Westchester Desegregation Planning Rejected by HUD

Westchester Case

December 22, 2010 – Westchester has failed to comply with yet another of its obligations under the consent decree.

The County was required to develop an “analysis of impediments” to fair housing choice that was acceptable to HUD. That meant it was supposed to identify, analyze, and take the actions necessary to overcome all barriers to fair housing.

The AI, which was patently inadequate, was submitted back in July, 2010, and, within days, ADC had posted an analysis of some of its major deficiencies.

HUD has now found that the AI is indeed “incomplete and unacceptable,” and has rejected the submission.

According to the full text of the letter from HUD to Westchester, HUD has found that the County “failed to set forth specific strategies…to combat exclusionary zoning practices.” These deficiencies included the failure to commit to actions “that will overcome problematic land use approval processes and zoning ordinances, difficulties faced by lower-income and minority residents as they seek to move to higher-income neighborhoods, and local opposition to affordable housing development.”

Westchester, HUD wrote, has not even conducted an analysis or provided a strategy in terms of the location of affordable housing. “To sufficiently address this deficiency in its AI, the County must set forth the strategies it will employ to ensure that as it develops affordable housing, it is reducing patterns of racial and ethnic segregation,” the agency wrote.

HUD reserved special criticism for Westchester’s false statement about its purported lack of authority in respect to municipalities:

Even more fundamentally, the County claims that it is unable to overcome municipal exclusionary zoning laws, stating “Westchester County is extremely limited in the action it can take to solve the [exclusionary zoning] problems.” AI at 131. This statement is inconsistent with both the County’s obligation under the Settlement to take appropriate actions to gain municipal cooperation and the County’s clear acknowledgement of a number of tools already at its disposal to overcome municipal resistance, including providing financial incentives, enforcing the terms and conditions of the Urban County Cooperative Agreements, and initiating legal action if necessary. See Settlement at 2, ¶¶7(i)&(j), 25.

After reviewing the HUD letter, Craig Gurian, ADC’s Executive Director, made the following statement:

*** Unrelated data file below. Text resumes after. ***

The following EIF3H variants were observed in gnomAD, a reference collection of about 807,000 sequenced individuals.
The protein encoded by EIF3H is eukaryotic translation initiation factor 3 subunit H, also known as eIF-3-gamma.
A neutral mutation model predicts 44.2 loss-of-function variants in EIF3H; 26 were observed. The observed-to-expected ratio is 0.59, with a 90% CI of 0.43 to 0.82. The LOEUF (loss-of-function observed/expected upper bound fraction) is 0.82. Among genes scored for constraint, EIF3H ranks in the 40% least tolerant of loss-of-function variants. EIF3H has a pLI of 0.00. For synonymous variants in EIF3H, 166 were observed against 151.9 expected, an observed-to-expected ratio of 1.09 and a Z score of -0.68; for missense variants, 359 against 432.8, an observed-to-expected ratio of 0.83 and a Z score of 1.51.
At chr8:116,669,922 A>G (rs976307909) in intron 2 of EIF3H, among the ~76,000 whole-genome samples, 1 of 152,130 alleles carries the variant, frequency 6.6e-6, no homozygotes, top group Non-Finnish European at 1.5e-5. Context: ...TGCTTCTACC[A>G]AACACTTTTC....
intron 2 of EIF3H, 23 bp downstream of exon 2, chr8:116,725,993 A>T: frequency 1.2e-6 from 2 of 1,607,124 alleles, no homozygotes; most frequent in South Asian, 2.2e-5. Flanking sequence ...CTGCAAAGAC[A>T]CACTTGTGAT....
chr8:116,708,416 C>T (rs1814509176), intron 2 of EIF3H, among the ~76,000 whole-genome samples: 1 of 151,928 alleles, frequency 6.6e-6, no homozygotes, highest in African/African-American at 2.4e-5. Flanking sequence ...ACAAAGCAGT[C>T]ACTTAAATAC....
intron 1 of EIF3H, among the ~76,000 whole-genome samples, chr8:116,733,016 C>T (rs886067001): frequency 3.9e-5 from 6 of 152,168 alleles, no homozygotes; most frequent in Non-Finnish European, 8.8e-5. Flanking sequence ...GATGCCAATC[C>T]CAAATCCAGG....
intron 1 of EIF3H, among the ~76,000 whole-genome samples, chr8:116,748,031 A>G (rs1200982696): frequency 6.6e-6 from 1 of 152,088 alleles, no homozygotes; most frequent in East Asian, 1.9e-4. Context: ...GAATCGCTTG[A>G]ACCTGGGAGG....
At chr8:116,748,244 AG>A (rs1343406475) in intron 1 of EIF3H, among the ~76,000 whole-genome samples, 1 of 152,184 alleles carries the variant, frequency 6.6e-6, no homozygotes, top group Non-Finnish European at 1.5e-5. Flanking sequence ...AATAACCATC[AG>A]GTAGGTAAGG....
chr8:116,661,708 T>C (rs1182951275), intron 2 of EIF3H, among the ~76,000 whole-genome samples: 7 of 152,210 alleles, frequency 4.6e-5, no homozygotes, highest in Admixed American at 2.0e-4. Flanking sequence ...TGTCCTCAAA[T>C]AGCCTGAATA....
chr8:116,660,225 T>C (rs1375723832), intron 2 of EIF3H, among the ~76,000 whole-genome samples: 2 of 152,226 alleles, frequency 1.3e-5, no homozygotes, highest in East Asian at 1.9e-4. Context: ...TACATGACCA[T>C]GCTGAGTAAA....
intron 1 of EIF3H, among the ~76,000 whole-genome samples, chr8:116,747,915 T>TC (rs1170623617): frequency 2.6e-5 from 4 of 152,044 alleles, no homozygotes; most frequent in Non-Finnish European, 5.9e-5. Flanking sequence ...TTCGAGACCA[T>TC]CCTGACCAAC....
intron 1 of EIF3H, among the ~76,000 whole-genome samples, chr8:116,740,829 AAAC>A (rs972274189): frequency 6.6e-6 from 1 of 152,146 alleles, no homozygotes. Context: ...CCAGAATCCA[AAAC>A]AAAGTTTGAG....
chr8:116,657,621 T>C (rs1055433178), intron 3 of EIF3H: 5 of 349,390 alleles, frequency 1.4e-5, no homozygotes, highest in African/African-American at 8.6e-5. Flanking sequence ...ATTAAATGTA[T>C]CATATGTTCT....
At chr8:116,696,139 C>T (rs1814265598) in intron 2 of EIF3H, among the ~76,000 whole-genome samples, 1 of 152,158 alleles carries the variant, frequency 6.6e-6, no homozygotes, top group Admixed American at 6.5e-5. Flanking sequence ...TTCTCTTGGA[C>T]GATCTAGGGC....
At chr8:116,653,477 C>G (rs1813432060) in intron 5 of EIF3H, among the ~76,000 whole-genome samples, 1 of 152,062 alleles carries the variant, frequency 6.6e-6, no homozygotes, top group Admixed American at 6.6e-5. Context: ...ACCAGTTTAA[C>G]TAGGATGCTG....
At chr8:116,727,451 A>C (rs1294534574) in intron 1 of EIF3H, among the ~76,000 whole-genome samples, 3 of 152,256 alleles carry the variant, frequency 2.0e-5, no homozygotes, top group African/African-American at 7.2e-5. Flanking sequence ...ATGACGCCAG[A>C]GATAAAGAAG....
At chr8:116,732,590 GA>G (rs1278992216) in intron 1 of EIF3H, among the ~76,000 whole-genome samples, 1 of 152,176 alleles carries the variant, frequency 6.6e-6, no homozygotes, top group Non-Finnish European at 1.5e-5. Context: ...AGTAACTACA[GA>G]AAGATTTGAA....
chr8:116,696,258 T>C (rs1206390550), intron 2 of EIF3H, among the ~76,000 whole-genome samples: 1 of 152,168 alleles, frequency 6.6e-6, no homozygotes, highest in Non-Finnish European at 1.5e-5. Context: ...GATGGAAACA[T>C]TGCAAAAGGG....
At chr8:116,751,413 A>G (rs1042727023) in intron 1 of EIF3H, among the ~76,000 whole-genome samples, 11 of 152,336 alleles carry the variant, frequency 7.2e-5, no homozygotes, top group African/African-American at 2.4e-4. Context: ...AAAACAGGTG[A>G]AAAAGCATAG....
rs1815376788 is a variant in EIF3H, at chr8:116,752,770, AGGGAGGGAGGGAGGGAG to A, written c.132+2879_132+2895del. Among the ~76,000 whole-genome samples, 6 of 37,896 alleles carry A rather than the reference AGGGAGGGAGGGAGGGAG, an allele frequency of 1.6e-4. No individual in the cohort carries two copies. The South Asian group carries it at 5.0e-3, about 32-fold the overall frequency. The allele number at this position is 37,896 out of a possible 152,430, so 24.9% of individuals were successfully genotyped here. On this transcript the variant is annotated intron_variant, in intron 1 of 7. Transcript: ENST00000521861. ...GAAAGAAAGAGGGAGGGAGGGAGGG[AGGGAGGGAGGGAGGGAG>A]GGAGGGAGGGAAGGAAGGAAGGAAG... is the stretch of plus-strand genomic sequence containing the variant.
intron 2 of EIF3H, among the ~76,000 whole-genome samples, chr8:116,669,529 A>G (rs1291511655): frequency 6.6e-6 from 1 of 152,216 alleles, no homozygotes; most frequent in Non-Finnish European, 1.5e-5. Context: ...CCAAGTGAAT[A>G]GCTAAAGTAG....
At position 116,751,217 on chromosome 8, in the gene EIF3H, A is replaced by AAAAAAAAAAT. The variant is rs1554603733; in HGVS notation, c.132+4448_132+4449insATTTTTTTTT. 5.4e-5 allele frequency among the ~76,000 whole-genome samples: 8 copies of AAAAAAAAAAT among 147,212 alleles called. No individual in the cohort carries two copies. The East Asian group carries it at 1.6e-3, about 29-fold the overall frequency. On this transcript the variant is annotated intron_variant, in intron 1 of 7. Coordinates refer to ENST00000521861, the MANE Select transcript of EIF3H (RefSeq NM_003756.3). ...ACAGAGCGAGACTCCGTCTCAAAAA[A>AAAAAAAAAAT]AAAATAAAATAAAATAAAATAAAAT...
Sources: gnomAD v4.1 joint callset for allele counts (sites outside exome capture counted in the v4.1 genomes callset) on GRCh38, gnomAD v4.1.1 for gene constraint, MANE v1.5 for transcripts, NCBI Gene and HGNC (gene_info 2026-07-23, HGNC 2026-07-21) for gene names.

As we said back in the summer, Westchester’s AI was nothing more than a recycled version of the arguments and evasions that characterized its unsuccessful defense during Phase I of ADC’s lawsuit. The AI was unacceptable by any standard, and we are pleased that HUD has now rejected it. Significantly, HUD has identified several central deficiencies of the submission (although it failed to mention that Westchester’s obligations are not unit-specific – the County is obliged to have as a goal in all its housing programs the ending of residential segregation).
It is essential, however, that the situation on the ground in Westchester be assessed realistically, resisting any urge to engage in wishful thinking.

HUD says in its letter that the County has “taken some steps” towards developing affordable housing that will “count” towards meeting its obligation.

In fact, the County has made no progress at all in developing housing that either confronts zoning barriers or provides desegregation opportunities within the midst of existing single family or other low-density ultra-white blocks.

Instead of focusing on development that would maximize desegregation opportunities, Westchester has focused on strategies that would minimize structural change. With the assistance of a Monitor that has thus far failed to stand up for the integrity of the consent decree, Westchester has been trying to utilize “less controversial” sites (or, to use the Monitor’s unfortunate phrase, to go for “low hanging fruit”).

What makes a site low hanging fruit?

Being really, really close to railroad tracks, or major highways, or to ground contamination.

Having already been approved for development and so not actually supposed to “count” towards consent decree units.

Being on a block with few or no African-Americans only because the block has no population of any race or ethnicity other than people who live in what the Census Bureau calls “group quarters.”

Taking a proposed age-restricted development (something not permitted for initial consent decree units), redubbing it as open to everyone, but not redesigning the units so that families with children could occupy them.

Here are the bottom lines:

Westchester has already been violating the consent decree in all essential respects for well over a year. These violations go well beyond its AI-related failures.

HUD needs to be going back to Judge Cote now to bring Westchester into compliance. The letter, unfortunately, does not state or suggest that it will be doing so.